(Bloomberg) -- Even as independent bookstores struggle to survive, rare books and manuscripts have proven a rare bright spot in the industry.
“It’s almost like two businesses,” says Kenneth Gloss, the owner of Brattle Book Shop in Boston. “As far as the general used-book business, it’s been off.”
His third floor of rare and antiquarian books, though, is doing nearly as well as it ever has. “People are at home, the stock market is doing well, so people with spare funds are sitting home, bored and buying a lot of books,” Gloss says.
The same phenomenon has occurred in categories as disparate as jewelry and classic cars. Rich people are still rich, and they’re still spending serious amounts of money on things that bring them joy—and perhaps, a return on investment later.
The market for extremely rare books has been healthy for years, dealers say, but quantifying its ups and downs is difficult, because “if you’re talking about a book with many comparables over time, you’ve missed the top of the market,” says Darren Sutherland, a specialist in Bonham’s rare books department in New York.
“It’s so anecdotal,” agrees Christina Geiger, the head of the books and manuscripts department at Christie’s New York. “Everything depends on the quality of the material.”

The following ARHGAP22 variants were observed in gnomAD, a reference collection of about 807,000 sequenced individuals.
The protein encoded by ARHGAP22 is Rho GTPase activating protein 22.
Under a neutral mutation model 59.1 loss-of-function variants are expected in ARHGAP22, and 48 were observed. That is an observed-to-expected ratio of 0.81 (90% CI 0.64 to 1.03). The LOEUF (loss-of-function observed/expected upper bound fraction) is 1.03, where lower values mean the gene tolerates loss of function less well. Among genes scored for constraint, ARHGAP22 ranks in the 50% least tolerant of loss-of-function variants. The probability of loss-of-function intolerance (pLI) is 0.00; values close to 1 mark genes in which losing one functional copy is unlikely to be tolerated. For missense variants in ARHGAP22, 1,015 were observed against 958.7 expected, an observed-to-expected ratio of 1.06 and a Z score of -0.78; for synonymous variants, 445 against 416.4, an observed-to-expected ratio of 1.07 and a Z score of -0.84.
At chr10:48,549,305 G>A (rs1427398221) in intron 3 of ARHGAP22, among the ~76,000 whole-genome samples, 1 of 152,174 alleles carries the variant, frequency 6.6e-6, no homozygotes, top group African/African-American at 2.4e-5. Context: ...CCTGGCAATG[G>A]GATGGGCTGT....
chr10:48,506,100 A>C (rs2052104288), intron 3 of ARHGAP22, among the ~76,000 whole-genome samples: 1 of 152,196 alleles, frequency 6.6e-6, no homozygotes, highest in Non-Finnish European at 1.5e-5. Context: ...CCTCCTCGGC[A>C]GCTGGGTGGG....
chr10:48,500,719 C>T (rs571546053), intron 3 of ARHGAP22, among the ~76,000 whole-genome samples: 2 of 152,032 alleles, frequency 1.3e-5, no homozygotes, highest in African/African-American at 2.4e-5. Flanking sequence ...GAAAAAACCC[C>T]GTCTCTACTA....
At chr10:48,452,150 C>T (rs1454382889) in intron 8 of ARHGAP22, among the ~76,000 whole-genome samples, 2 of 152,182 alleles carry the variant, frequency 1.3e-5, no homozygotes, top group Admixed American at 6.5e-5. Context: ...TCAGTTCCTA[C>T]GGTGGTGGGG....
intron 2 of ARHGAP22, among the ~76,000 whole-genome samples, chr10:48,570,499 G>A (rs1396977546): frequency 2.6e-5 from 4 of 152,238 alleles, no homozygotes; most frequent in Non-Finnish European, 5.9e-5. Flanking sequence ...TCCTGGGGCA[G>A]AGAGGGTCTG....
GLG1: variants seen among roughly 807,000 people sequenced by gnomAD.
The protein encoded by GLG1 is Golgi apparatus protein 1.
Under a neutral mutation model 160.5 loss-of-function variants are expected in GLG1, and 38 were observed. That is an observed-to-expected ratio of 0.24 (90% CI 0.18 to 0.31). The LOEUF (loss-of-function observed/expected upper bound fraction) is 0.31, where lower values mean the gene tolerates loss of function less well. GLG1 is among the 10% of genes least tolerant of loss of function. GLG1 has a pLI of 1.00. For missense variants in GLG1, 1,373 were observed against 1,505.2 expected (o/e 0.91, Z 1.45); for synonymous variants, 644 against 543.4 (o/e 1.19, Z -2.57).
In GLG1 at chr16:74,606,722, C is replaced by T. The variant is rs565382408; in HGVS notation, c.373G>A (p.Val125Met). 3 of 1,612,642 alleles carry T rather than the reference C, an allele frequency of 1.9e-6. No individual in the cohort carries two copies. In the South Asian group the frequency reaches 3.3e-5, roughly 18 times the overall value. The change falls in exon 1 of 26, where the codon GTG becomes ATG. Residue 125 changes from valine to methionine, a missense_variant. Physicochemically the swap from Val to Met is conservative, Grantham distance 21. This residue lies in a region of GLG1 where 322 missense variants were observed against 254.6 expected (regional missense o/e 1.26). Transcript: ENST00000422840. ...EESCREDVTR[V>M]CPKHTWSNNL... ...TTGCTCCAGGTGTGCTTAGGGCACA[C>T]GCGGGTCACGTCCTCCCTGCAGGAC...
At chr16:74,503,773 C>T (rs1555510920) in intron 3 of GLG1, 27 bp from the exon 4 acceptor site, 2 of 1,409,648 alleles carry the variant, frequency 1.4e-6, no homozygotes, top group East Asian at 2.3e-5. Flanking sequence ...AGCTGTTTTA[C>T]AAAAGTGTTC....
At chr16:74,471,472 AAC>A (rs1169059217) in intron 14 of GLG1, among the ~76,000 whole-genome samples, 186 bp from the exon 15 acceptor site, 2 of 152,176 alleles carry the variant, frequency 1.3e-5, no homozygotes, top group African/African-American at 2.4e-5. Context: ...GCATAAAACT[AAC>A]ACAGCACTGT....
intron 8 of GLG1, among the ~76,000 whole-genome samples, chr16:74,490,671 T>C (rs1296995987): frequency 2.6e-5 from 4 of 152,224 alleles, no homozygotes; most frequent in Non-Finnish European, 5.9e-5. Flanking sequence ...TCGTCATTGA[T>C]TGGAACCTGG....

Still, consensus among dealers is that the overall market has sustained itself even as the rest of retail has been thrown into turmoil, and that the peak of the market has soared past many participants’ expectations.
Take a recent folio of Shakespeare’s comedies, histories, and tragedies that just sold at Christie’s.
Known as the “First Folio” because it’s the first recorded compilation of the bard’s works to be printed, the volume was published in 1623, seven years after Shakespeare’s death. Christie’s folio had a presale estimate of $4 million to $6 million. After a bidding war between three parties, it sold for $10 million.
“I’m not surprised that we set a record for literature in the pandemic,” Geiger says. “It just does feel like that’s part of the trend of people retreating into their books.”
Even slightly less spectacular items are surpassing estimates.
“If nothing else, we’ve seen an uptick in participation and enthusiasm,” says James Gannon, the director of rare books at Heritage Auctions. Heritage’s third auction of books from the library of editor and publisher Otto Penzler, Gannon says, doubled its estimate.
At Christie’s, “all of our online sales have surpassed their low estimates,” says Geiger. “People have time on their hands to look at online catalogues and spend time more than they otherwise would have online shopping.”
Christie’s isn’t alone in seeing a rise in online sales—not necessarily a given, considering the specific condition issues and concerns of the rare book market. (To take an obvious example, if a book has a damaged page, you wouldn’t know it from an online listing, though every lot comes with a condition report.)
More generally, auction houses have discovered, to their delight, that home-bound buyers are increasingly willing to spend huge sums online without ever seeing the objects in person. In July, Christie's live-streamed a sale of fine art that totaled $421 million.
“To be clear, the move online had started before Covid,” says David Goldthorpe, the head of the books and manuscripts department at Sotheby’s London. “It was just massively accelerated by it.”